Why NBC Is Allowed to Ruin the Olympics
NBC, and even Ryan Seacrest, has become viewers' best friend and worst enemy as the broadcaster brings this summers Olympics to televisions throughout the U.S. and faces criticism about its programming decisions.
With the responsibility of airing nearly 4,000 hours of Olympic programming throughout the summer games, it's fair to say nobody expected NBC's coverage to be perfect. However, the broadcaster has made negative headlines for not airing some of the biggest events live, instead saving them until primetime. The network even spoiled the outcome of teen swimmer Missy Franklin's gold medal-winning race in a promo that ran before it meant to, infuriating millions of viewers.
It may not seem like a smart idea to delay airing events live in the age of Twitter and online news, and it's just kind of weird to hear the local newscaster say "spoiler alert" before going through the results of the Games. Airing certain events sometimes hours after they happen and leaving viewers to attempt to avoid news about results has led to outrage, thousands of nasty letters and millions of Twitter posts with the hashtag #NBCfail.
Still, despite all the negative press NBC's handling of airing the Games has generated, the network doesn't care, and honestly, it shouldn't.
"As programmers, we are charged to manage the business. And this is a business. It's not everyone's inalienable right to get whatever they want," said NBC Sports chairman Mark Lazarus to Sports Business Daily. "We are charged with making smart decisions for our company, for our shareholders and to present the product the way we believe is best."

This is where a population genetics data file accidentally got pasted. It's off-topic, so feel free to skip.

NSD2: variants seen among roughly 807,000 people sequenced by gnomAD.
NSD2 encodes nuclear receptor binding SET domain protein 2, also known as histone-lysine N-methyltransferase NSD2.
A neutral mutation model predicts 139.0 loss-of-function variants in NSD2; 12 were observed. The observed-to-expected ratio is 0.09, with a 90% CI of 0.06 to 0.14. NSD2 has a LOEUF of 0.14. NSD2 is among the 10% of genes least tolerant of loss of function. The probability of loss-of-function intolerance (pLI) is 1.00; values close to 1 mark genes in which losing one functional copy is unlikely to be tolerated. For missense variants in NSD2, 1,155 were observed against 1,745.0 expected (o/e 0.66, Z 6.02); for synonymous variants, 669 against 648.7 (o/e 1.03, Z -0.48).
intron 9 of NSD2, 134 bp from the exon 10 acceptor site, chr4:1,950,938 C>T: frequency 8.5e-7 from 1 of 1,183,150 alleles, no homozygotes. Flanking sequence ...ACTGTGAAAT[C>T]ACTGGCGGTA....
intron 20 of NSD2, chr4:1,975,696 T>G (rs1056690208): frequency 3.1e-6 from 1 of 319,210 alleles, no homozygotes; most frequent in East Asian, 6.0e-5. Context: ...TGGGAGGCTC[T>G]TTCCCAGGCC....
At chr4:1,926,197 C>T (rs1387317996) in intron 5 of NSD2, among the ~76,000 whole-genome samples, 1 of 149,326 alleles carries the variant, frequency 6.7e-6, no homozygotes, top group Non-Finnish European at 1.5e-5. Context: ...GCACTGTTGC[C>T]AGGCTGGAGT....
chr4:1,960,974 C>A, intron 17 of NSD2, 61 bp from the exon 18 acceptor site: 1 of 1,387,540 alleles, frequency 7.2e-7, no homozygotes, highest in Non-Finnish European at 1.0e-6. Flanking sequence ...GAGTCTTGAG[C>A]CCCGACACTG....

Nobody wants to hear this, but he's right. NBC paid $1.2 billion for the right to air the London Games and originally expected to take a $100 million loss over the course of the 17-day event. However, record-breaking ratings are raising expectations and the network could now actually break even. The bottom line is: tape-delaying events for primetime is working, as more than 35 million people continue to tune in at peak hours. This shows that even if many viewers already know the outcome, they still want to see how it happened.
Ratings for the tape-delayed events in primetime would be far lower if NBC chose to air them live. Many critics have countered by saying the network could just re-air the events later for those who may have missed them, but that would not be nearly as beneficial. Once NBC shows an event on its air, other networks like ESPN, ABC, FOX and local affiliates have the right to air highlights, making a primetime rerun of an event nearly useless.
NBC's strategy for the Olympics isn't just about making money. The network is attempting to use this summer's Games as a jump-start for several other parts of its business. The broadcaster's original primetime programming lineup finished the last television season with some of its poorest ratings ever and the Olympics is a tremendous opportunity to advertise for what's coming in the fall to generate interest. In addition, the company's NBC Sports Network channel is getting more exposure than ever before, as the young station looks to build a following and woo some viewers away from ESPN.
Viewers can yell and kick and scream about not being able to watch events live, and not showing games live certainly is an archaic idea in a society that lives on fast food, Twitter and high-speed Internet. Waiting is no longer part of the social vocabulary and NBC is telling everyone that they have to.
People are frustrated that NBC is using the Olympics, an event where all differences are put aside and pride and country come first, as a way to squeeze out every last dime that it can. But this isn't about NBC trying to "ruin your Olympics" -- the company hasn't made that its goal. However, it's not going out of the way to give people everything they want either.
This is about NBCUniversal seizing an opportunity to rebuild its broadcast station, launch its sports network and build its properties. This is a business doing what it has to so it can turn a $1.2 billion investment into something other than a $100 million loss, all Twitter hashtags, nasty blog posts and spoiler alerts be damned!
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Categories: Media Mind